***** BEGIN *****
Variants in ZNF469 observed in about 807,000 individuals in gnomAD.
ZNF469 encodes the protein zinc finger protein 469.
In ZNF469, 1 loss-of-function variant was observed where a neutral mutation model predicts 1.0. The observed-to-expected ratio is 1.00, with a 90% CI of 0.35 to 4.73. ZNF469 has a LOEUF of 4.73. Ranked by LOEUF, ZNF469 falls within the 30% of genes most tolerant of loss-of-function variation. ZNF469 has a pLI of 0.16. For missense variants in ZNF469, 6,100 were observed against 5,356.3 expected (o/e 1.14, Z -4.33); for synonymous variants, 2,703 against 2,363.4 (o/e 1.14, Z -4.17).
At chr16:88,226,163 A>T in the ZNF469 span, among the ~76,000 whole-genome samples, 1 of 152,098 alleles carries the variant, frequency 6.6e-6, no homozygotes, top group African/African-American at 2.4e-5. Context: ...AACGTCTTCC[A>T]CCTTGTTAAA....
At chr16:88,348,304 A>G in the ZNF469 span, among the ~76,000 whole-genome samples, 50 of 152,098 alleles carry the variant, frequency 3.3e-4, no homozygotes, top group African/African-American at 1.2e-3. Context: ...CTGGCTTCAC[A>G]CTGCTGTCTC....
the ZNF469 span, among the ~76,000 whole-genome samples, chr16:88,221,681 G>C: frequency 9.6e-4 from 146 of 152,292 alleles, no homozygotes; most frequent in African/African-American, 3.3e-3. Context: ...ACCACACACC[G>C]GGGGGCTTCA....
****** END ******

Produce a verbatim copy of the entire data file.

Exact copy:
Variants in ZNF469 observed in about 807,000 individuals in gnomAD.
ZNF469 encodes the protein zinc finger protein 469.
In ZNF469, 1 loss-of-function variant was observed where a neutral mutation model predicts 1.0. The observed-to-expected ratio is 1.00, with a 90% CI of 0.35 to 4.73. ZNF469 has a LOEUF of 4.73. Ranked by LOEUF, ZNF469 falls within the 30% of genes most tolerant of loss-of-function variation. ZNF469 has a pLI of 0.16. For missense variants in ZNF469, 6,100 were observed against 5,356.3 expected (o/e 1.14, Z -4.33); for synonymous variants, 2,703 against 2,363.4 (o/e 1.14, Z -4.17).
At chr16:88,226,163 A>T in the ZNF469 span, among the ~76,000 whole-genome samples, 1 of 152,098 alleles carries the variant, frequency 6.6e-6, no homozygotes, top group African/African-American at 2.4e-5. Context: ...AACGTCTTCC[A>T]CCTTGTTAAA....
At chr16:88,348,304 A>G in the ZNF469 span, among the ~76,000 whole-genome samples, 50 of 152,098 alleles carry the variant, frequency 3.3e-4, no homozygotes, top group African/African-American at 1.2e-3. Context: ...CTGGCTTCAC[A>G]CTGCTGTCTC....
the ZNF469 span, among the ~76,000 whole-genome samples, chr16:88,221,681 G>C: frequency 9.6e-4 from 146 of 152,292 alleles, no homozygotes; most frequent in African/African-American, 3.3e-3. Context: ...ACCACACACC[G>C]GGGGGCTTCA....